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Thursday, September 21, 2006

Advice to home sellers?

Jockeyuva I have heard that some real estate agents sometimes give advice to "de-black" homes when selling them: take down pictures of Malcom X, certainly; pack up the books on civil rights and race riots; probably even hide the posters of Martin Luther King.  I understand the point behind the advice: home sellers want prospective buyers to be able to imagine themselves in the space.

I wonder if real estate agents ought also to tell sellers to de-politicize their homes more generally.  I was led to this observation when I saw a lawn jockey in the backyard of a really lovely home during an open house.  Of course, I'm looking for a good deal, so it doesn't deter me from purchasing the place.  And who knows about the meaning of the lawn jockey to the owners of the house: maybe they kept it as a reminder of the bad old days.  Observers often make different things out of monuments.

So that set me to wondering about this little piece of Americana.  Apparently, they were cast in concrete or iron.  Want one?  Check out ebay's listings.  I thought the lawn jockey had gone out of fashion back in the 1970s, or perhaps even earlier.  However, a quick check of ebay and other internet sites suggests that they're still being made.  Yes, still being made, not just sold.  Some are even of white jockies.  Hmm.  No disputing taste, is there?

That led me to some further investigation.  Dig this: they're not symbols of white supremacy, but tributes to faithful slaves--and perhaps memorials to the underground railroad, because they were used to give signs about where fugitive slaves could find safety. Never heard that one before, but it's all over the internet (and here).  (My colleague at the University of Alabama, Micki McElya, has a brilliant book coming out shortly from Harvard on faithful slave monuments, by the way.  It's worth a read.)  I'd like to see some more research on this one; it has all the ear marks of legend, to me--and to this person, as well.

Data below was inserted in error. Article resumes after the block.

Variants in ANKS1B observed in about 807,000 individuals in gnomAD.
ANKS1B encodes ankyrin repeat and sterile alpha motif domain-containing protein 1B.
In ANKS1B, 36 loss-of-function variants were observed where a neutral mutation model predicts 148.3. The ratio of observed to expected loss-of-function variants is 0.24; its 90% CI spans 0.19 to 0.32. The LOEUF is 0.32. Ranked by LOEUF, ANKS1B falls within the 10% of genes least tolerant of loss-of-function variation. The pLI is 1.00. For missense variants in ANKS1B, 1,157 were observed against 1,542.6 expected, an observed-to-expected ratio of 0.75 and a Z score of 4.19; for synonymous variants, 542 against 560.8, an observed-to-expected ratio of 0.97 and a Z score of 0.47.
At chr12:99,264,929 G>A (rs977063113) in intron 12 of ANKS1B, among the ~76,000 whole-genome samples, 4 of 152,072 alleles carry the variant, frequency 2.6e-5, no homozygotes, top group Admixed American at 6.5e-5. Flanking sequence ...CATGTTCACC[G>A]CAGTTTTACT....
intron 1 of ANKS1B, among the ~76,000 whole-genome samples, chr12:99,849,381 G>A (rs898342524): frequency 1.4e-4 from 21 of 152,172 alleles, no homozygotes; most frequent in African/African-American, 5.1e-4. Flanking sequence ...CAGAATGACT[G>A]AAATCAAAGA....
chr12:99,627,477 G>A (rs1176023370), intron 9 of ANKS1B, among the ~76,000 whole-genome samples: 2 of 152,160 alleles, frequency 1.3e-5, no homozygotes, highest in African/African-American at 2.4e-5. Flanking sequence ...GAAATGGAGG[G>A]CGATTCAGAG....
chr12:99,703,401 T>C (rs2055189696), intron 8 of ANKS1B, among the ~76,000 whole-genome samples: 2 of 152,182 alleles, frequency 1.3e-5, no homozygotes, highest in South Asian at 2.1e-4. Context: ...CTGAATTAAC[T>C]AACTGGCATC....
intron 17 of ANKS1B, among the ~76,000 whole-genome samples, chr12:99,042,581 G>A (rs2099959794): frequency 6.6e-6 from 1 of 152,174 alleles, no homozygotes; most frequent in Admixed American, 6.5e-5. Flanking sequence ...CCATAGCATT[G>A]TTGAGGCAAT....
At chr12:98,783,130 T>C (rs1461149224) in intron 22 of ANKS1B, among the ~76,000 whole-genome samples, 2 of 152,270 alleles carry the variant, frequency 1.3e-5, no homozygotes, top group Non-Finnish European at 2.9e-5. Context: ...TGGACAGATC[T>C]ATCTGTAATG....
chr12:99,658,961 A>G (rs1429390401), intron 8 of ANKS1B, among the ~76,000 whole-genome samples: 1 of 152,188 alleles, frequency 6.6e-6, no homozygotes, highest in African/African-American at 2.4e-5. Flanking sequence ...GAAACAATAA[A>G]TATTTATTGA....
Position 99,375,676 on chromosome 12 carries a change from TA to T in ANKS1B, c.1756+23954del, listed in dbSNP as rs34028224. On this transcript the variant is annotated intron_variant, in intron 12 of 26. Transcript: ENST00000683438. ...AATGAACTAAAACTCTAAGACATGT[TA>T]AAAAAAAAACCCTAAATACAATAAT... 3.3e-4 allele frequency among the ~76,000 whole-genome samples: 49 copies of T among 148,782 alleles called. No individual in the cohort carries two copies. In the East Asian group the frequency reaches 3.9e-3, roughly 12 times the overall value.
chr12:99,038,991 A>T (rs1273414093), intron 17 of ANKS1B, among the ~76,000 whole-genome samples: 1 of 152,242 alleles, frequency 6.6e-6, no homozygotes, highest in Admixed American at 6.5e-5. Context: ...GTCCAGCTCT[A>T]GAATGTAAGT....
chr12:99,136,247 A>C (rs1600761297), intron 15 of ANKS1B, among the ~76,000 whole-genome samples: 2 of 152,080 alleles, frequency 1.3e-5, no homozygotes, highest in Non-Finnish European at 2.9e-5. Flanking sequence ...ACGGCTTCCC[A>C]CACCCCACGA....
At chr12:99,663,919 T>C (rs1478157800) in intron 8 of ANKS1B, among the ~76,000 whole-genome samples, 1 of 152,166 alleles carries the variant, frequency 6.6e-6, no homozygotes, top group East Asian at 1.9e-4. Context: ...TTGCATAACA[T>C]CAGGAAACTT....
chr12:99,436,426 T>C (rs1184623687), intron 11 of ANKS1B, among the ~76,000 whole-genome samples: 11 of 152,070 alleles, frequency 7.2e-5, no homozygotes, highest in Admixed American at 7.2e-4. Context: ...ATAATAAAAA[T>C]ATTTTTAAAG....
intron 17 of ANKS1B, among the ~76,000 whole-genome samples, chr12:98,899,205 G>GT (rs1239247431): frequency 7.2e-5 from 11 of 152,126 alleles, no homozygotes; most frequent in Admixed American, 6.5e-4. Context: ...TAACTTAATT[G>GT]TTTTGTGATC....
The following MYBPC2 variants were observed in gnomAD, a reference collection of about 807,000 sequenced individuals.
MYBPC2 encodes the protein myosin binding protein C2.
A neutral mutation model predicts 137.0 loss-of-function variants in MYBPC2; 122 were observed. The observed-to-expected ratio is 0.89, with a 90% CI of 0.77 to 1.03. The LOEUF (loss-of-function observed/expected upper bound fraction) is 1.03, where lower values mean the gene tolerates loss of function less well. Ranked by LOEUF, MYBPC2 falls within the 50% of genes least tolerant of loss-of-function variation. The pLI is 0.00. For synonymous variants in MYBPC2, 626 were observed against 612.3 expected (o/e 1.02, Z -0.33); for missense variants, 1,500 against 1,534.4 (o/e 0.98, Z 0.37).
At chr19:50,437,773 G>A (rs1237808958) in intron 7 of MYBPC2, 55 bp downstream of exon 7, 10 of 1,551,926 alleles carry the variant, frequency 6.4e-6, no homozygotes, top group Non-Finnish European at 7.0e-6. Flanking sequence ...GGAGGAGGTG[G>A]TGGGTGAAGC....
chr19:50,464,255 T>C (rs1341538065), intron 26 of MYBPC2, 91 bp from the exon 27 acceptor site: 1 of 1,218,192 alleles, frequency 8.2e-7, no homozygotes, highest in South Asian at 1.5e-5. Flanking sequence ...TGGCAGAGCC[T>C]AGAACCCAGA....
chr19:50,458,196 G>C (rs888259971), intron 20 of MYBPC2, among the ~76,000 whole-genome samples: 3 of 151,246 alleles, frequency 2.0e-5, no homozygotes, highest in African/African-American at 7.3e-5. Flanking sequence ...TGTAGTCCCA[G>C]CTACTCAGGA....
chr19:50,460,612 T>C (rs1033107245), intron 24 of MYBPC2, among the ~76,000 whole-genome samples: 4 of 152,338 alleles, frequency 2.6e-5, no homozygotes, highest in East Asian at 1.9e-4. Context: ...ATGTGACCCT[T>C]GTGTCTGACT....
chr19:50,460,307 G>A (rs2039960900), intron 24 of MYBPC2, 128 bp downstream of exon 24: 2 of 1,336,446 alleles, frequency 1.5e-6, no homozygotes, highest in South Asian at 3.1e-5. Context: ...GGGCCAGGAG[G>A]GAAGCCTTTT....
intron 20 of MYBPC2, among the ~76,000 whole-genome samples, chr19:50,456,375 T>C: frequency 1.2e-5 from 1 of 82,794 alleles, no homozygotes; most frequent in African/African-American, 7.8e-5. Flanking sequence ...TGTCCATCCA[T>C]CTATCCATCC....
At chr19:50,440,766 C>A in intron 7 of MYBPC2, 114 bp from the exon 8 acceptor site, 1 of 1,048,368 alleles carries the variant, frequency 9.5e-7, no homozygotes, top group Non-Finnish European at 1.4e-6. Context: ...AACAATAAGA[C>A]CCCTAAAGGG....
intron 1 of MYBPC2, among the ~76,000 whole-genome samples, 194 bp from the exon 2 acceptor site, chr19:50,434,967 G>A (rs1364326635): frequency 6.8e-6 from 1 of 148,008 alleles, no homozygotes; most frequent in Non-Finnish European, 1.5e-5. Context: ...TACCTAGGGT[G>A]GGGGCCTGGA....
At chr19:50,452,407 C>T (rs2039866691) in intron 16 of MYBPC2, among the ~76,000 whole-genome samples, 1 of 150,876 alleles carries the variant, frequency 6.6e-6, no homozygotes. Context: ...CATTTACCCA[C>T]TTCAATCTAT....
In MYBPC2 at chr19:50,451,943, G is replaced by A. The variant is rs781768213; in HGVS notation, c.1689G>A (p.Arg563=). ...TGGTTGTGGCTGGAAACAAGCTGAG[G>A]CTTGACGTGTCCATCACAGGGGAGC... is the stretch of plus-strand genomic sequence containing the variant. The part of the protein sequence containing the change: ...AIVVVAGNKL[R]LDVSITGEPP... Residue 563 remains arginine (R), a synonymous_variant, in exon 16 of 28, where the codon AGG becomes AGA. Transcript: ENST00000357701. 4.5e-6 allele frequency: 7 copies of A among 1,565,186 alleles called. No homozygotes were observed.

The photograph, of a nineteenth-century cast iron jockey, is from the University of Virginia's outstanding website on American studies.

UPDATE: Carl Christensen sends along this article from the Washington Post on lawn jockeys as well.  I'm somewhat surprised at the credence they give to the "lawn jockey-as-part- of-underground-railroad" story; I'm also surprised by how little credence they pay to the lawn jockey as monument to the era of slavery and Jim Crow.  On the latter point, see this letter to the editor.

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Comments

"I have heard that real estate agents sometimes give advice to "de-black" homes when selling them ..."

Would you mind editing that to read "some real estate agents" rather than the use the all-encompassing phrase that you have? Not all real estate agents behave in the manner that your all-inclusive phrases assumes.

Are there bad ones agents? Yes. Are there closed-minded professors? Sure, but I would (try to) never write something that said all professors were so.

Posted by: Jim Duncan | Sep 21, 2006 12:21:36 PM

I thought real estate agents advised their clients to depersonalize their home, regardless of the client's skin color? From what I understand, all home sellers should remove the personal aspects of their home so that it looks very generic. If the home looks like a blank slate, then prospective home buyers are able to visualize their own personal accents in the home and thus visualize themselves living in the home. I would imagine if a prospective home buyer is visualizing themselves raising their 8 children and growing old in your home that you are at least half way towards convincing them that they have to buy your house.

As an aside, it would have been unfortunate if the home that you had visited had followed the above advice because then you would have never had the opportunity to look up all that information about lawn jockeys.

Posted by: Fern R | Sep 21, 2006 1:46:23 PM

Hi Dan and Fern--thanks for your comments. Dan--I made the change you requested, though I thought it was clear from my post that I was saying some real estate agents not all (with the "sometimes"). I'm happy to make that clarification.

I didn't mean to say that advice was necessarily inappropriate--as Fern points out (and as I say in the post), I think there's something to making the home look like a place that a buyer can envision herself. I think that's pretty standard marketing advice.

Posted by: Al | Sep 21, 2006 4:51:31 PM

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